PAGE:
Why Don’t You Recommend GOOD Teachers for a Change?


If you’ve hung out here at the blog very long, it’s no secret that I’m a big fan of Berean Research. Amy and Marsha do a fantastic job of keeping tabs on the latest happenings in the world of false doctrine and keeping the rest of us up to date.

Yesterday, Amy posted an article emphasizing Berean’s mission- to build discernment skills in their readers so they can take those skills and apply them to any teacher out there in order to determine whether or not that person is teaching sound doctrine. It’s a “teach a man to fish” approach of simply red-flagging false teachers and false doctrine, and I couldn’t agree with Amy more. It’s a very good way of teaching discernment.

My blog is focused in a little different, more broad-based direction – discipleship – so my approach to discernment is a little different. When it comes to discernment, I warn against the false teachers and provide suggestions for sound teachers. Why? To help you recognize what constitutes bad teaching and what good teaching sounds like in comparison so that when you encounter a new teacher you’ll be equipped to “fish” on your own.

Why am I telling you all this instead of just getting right to Amy’s awesome article? Because I wanted to use this as an opportunity to demonstrate that different teachers (or bloggers) may have different methodologies, but that doesn’t necessarily mean one is right and one is wrong. Sometimes we get it into our minds that unless a preacher, teacher, or author uses our preferred method of teaching, they’re wrong. But as long as that teacher is communicating biblical truth within the parameters Scripture lays out, different strokes for different folks is OK. In fact, it showcases the beautiful way God made each of us unique so that all kinds of other unique people are reached.

Why Don’t You Recommend GOOD Teachers
for a Change?

By Amy Spreeman

It seems every other day we get a request to recommend “good” teachers. The request is either genuine: (“Can you help me find some solid pastors to listen to?”), or made with a generous side of snark: (“Oh yeah? You’re so busy bashing everyone, why don’t you recommend who you think is a good teacher for a change?”)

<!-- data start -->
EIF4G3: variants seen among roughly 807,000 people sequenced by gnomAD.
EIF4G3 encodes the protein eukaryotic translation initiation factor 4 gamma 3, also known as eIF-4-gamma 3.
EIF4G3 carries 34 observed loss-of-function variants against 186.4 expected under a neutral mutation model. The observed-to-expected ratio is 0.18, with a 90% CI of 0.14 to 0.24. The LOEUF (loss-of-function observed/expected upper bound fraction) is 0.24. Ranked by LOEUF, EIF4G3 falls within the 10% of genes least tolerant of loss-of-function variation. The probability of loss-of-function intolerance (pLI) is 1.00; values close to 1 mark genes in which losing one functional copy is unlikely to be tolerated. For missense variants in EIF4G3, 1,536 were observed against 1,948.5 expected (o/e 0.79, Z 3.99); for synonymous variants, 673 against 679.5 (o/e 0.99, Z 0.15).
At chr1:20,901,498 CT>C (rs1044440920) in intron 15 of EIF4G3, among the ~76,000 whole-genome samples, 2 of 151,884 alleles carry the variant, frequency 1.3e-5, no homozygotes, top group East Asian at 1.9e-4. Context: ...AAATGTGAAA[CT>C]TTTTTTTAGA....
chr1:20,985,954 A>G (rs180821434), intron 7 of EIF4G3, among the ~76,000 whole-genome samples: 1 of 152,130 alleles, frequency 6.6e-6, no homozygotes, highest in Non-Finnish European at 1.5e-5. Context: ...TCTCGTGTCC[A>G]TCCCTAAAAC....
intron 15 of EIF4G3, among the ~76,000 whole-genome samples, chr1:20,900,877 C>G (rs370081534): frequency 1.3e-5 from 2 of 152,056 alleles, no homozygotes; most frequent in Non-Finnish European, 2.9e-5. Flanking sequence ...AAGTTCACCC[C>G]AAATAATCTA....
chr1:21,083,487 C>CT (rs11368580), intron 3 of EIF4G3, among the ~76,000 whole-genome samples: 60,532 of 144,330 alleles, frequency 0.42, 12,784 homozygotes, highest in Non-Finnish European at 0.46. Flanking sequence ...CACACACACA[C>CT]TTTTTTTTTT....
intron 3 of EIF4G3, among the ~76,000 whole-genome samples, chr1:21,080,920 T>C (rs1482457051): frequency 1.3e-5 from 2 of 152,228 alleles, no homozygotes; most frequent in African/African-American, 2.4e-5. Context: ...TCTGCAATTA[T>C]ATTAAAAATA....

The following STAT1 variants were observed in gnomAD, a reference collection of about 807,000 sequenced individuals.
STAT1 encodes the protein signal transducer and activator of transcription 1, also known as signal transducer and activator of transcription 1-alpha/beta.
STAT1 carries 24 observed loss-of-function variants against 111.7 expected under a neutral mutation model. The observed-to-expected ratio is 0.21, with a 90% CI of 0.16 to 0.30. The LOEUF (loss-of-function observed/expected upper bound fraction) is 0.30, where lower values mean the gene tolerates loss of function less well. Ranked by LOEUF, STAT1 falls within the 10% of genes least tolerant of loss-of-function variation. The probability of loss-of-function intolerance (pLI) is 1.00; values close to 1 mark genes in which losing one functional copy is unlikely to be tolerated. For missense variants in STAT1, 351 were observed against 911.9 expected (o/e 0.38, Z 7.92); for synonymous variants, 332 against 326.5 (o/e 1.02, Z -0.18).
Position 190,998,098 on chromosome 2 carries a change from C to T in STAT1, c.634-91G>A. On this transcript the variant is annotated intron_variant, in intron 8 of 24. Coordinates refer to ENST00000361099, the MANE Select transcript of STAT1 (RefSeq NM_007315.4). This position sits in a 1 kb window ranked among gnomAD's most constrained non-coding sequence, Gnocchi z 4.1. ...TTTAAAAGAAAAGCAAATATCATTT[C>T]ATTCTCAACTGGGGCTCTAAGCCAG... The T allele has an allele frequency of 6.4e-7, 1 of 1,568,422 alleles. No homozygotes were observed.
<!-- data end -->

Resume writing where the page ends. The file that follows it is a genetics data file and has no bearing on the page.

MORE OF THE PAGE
This is a good time to remind our readers why we are here and why we expose false teachings and name names. Because while we’d love to give you a long list of “safe” teachers, that would not be serving our audience well at all.

Let’s first tackle what we don’t do:

Our work here is not to provide you with that list. We’re also not here to help you compare good teachers with bad teachers.  You should be comparing ALL teachers to God’s Word. His holy-breathed-out Scripture is the standard.  The Bereans in Acts 17:11 knew this, and Paul gushed with joy at their willingness to compare what he was saying to the prophecies. One more thing: We’re not here to “bash” leaders.  If it seems that way to you, then you are probably not used to having your favorite celebrity pastor’s teachings and actions held up to the light of Christ.

So why in the world are we here?

Find out! Read the rest of Amy’s excellent article here.

1 thought on “Why Don’t You Recommend GOOD Teachers for a Change?”

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